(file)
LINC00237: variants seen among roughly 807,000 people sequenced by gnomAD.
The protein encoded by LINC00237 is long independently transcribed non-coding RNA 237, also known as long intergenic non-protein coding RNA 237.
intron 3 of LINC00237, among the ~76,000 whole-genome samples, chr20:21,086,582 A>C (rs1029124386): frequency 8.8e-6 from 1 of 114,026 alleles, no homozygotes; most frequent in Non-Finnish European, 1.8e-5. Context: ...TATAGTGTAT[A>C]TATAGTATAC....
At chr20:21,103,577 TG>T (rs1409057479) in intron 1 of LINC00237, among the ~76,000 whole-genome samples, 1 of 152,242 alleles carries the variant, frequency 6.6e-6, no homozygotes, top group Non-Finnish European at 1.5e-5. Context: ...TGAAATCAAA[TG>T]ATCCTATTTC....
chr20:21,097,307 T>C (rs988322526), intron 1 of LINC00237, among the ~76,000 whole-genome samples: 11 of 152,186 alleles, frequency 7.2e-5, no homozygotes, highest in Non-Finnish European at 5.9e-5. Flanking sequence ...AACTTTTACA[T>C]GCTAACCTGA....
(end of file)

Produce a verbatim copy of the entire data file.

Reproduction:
LINC00237: variants seen among roughly 807,000 people sequenced by gnomAD.
The protein encoded by LINC00237 is long independently transcribed non-coding RNA 237, also known as long intergenic non-protein coding RNA 237.
intron 3 of LINC00237, among the ~76,000 whole-genome samples, chr20:21,086,582 A>C (rs1029124386): frequency 8.8e-6 from 1 of 114,026 alleles, no homozygotes; most frequent in Non-Finnish European, 1.8e-5. Context: ...TATAGTGTAT[A>C]TATAGTATAC....
At chr20:21,103,577 TG>T (rs1409057479) in intron 1 of LINC00237, among the ~76,000 whole-genome samples, 1 of 152,242 alleles carries the variant, frequency 6.6e-6, no homozygotes, top group Non-Finnish European at 1.5e-5. Context: ...TGAAATCAAA[TG>T]ATCCTATTTC....
chr20:21,097,307 T>C (rs988322526), intron 1 of LINC00237, among the ~76,000 whole-genome samples: 11 of 152,186 alleles, frequency 7.2e-5, no homozygotes, highest in Non-Finnish European at 5.9e-5. Flanking sequence ...AACTTTTACA[T>C]GCTAACCTGA....